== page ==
To defra.v the expenses of his Iniildings and charitable works, he made use of church festivals. s()ci;d gather- ings, and other occasions to call upon the generosity of kings and princes, of tlie rich and noble, of the clergy and of the laity, frequently import uiiod llie emperor himself, relying upon his friendsliip and often appeal- ing to his own labours for the state; but he also very liberally used his personal means for the benefit of the Church. Towards his subjects Meinwerk was fre- quently harsh, but kind at heart, and, if any serious offence had been given, he would conciliate the party by presents. Twice he made a journey to Rome, the first time in 1014, to assist at the coronation of Henry II, then, in 1026, as companion of Otto III. On this trip he received from Wolfgang, Patriarch of Aquileia, the body of St. Felix for Abdinghof. Similarly he ol> tained for his diocese, entirely or in part, the relics of Sts. Valerian, Minias, Philip, Juvenal, and of the great martyr-bishop Blasius. His body was buried, ac- cording to his wish, in the crypt of the church of Abdinghof. Abbot Conrad von Allenhause raised the relics and 25 April, 1376, placed them in a beautiful monument in the sanctuary. This has been con- sidered equal to a canonization, but his feast is not in the Proprium of Paderborn of 1884, nor does the schema of the diocese for 1909 show any church, chapel, or altar dedicated to his name. On the secular- ization of Abdinghof, 1803, the remains were brought to the church of Bussdorf. The " Vita" (Mon. Germ. SS., XI, 104), ^vritten anonymously by a monk of Ab- dinghof, soon after 1150, is a history, not a legend, though somewhat ornamented by legendary additions. (Giesebrecht, " Deutsche Kaiserzeit ', II, 578.)

Acta SS., June, I, 500; Stabler, Heitigenlex.; Wattenbach, Deutsche Geschichtsquellen, II, 27, 30; Ebeling, Die deulschen Bischufe. II (Leipzig, 1858), 346.

Francis Mershman.

Meissen, a former see of north-east Germany. The present city of Meissen, situated in the Kingdom of Saxony on both banks of the Elbe, owes its origin to a castle built by King Henry I about 928 to protect Ger- man colonists among the Wends. To insure the suc- cess of the Christian missions. Otto I suggested at the Roman Synod of 962 the creation of an archiepiscopal see at Magdeburg. To this proposal John XII con- sented, and, shortly before the execution of the plan in 968, it was decided at the Synod of Ravenna (967) to create three other sees — namely Meissen, Mersburg, and Zeitz — as suffragans of Magdeburg. The year in which the Diocese of Meissen was established is not known, the oldest extant records being forgeries ; how- ever, the record of endowment by Otto I in 971 is gen- uine. The first bishop, Burchard (d. 969), established a foundation (monasterhim) which in the course of the eleventh century developed a chapter of canons. In 1346 the diocese stretched from the Erzgebirge in the south to the mouth of the Neisse and to the Quels, on the east to the Oder, on the north to the middle course of the Spree. It embraced the five provostries of Meissen, Riesa, Wurzen, Grossenhain, and Bautzen, the four archdeaneries of Nisani (Meissen), Chemnitz, Zschillen (Wechselburg), and Niederlausitz, and the two deaneries of Meissen and Bautzen. Poorly en- dowed in the beginning, it appears to have acquired later large estates under Otto III and Henry II.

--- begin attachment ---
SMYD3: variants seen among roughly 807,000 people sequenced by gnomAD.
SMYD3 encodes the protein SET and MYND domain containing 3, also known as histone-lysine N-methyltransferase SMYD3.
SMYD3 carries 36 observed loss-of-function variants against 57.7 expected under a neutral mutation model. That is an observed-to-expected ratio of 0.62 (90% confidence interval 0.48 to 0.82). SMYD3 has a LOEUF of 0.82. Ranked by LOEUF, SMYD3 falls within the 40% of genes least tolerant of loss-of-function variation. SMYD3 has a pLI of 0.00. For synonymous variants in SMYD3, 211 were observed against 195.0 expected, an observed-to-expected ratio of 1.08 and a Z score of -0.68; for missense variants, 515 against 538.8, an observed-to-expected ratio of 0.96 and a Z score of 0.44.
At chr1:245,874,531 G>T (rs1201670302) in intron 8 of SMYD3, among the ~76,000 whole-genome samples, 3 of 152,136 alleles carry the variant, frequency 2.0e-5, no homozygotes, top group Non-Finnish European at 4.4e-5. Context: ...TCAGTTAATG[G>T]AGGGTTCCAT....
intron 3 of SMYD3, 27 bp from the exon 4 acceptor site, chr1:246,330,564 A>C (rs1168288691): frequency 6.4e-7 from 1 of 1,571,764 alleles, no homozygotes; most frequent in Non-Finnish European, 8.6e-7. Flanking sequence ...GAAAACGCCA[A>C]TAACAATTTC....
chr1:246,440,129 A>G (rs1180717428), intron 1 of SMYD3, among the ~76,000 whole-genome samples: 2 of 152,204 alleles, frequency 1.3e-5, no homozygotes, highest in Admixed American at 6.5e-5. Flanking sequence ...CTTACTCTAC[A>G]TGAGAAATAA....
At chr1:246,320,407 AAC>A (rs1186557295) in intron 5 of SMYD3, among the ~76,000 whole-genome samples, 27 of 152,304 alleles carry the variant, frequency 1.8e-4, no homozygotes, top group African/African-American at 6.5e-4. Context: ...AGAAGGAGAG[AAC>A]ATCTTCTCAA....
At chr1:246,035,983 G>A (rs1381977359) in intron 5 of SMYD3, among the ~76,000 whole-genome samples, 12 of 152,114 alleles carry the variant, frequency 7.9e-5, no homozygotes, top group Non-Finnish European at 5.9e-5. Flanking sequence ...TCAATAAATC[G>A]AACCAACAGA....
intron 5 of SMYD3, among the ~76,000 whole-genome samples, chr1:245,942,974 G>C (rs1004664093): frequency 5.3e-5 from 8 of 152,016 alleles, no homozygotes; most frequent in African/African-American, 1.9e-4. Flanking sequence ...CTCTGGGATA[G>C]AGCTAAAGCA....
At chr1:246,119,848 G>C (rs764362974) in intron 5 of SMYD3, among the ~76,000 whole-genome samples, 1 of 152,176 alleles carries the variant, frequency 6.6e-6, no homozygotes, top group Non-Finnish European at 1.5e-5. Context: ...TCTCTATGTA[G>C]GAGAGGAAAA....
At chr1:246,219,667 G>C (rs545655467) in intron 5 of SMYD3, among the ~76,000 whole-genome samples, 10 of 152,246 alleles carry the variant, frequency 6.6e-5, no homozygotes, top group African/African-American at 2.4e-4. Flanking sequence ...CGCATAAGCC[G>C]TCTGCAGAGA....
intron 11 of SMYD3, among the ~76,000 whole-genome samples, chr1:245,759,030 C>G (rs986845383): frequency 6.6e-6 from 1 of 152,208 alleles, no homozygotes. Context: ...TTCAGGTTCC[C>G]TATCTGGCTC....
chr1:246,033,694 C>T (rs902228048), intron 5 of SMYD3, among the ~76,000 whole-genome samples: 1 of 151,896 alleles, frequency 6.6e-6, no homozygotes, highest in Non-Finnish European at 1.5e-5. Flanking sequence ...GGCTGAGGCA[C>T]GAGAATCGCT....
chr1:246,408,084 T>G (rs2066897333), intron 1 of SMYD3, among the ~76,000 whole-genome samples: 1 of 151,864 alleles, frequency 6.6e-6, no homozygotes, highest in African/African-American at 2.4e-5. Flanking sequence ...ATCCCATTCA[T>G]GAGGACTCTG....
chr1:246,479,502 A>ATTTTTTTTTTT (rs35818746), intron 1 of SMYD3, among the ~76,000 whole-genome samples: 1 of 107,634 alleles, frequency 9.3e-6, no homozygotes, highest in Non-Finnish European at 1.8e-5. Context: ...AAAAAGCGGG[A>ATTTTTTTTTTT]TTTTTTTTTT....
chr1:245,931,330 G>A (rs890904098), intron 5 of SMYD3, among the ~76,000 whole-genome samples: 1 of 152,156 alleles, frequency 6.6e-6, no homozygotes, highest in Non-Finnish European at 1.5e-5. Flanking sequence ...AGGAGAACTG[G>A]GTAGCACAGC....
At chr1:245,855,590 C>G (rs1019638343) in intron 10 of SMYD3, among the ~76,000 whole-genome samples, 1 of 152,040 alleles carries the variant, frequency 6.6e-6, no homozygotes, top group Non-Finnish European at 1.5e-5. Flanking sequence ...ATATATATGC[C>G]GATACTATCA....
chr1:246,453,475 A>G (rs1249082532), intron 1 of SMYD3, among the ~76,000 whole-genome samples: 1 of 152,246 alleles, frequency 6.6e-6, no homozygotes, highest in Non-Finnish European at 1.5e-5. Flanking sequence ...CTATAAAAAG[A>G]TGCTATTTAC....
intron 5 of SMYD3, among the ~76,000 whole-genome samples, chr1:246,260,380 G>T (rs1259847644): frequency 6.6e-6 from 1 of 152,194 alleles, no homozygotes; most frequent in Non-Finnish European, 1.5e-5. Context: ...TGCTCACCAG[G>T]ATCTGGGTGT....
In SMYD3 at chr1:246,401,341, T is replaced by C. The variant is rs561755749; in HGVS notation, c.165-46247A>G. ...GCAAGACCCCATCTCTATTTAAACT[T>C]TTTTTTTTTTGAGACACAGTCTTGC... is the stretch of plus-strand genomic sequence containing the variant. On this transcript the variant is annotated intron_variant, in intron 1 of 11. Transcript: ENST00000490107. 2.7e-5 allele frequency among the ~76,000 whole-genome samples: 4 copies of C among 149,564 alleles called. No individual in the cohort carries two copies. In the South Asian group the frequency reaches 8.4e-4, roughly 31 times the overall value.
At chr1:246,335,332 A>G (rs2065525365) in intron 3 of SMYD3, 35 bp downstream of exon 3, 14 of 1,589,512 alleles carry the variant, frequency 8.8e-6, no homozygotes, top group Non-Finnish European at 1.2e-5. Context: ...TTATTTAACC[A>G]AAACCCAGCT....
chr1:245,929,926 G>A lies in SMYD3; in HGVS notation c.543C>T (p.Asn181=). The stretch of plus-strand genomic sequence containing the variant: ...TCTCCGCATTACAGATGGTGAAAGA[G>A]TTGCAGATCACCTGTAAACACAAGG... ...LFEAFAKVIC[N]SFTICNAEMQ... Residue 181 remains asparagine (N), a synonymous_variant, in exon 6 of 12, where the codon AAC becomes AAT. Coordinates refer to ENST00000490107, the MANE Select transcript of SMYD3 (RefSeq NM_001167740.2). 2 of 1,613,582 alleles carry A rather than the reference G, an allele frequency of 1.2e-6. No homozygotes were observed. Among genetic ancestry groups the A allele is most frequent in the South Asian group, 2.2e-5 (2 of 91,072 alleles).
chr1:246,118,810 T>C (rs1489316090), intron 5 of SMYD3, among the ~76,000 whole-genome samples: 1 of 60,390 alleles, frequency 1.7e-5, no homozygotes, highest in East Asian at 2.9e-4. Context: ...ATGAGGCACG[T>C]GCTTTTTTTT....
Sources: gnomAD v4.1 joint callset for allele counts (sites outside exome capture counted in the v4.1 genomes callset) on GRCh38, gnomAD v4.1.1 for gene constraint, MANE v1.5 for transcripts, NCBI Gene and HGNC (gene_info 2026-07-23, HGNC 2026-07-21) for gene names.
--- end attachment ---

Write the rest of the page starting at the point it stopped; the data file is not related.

The chief task of the bishops of the new see was the conversion of the Wends, to which Bishops Volkold (d. 992) and Eido (d. 1015) devoted themselves with great zeal ; but the work of evangelization was slow, and was yet incomplete when the investiture conflict threatened to arrest it effectively. St. Benno (1066- 1106), bishop at the time when these troubles were most serious, was appointed by Henry IV and ap- pears to have been in complete accord with the em- Eeror until 1076 ; in that year, however, although he ad taken no part in the Saxon revolt, he was impris- oned by Henry for nine months. Escaping, he joined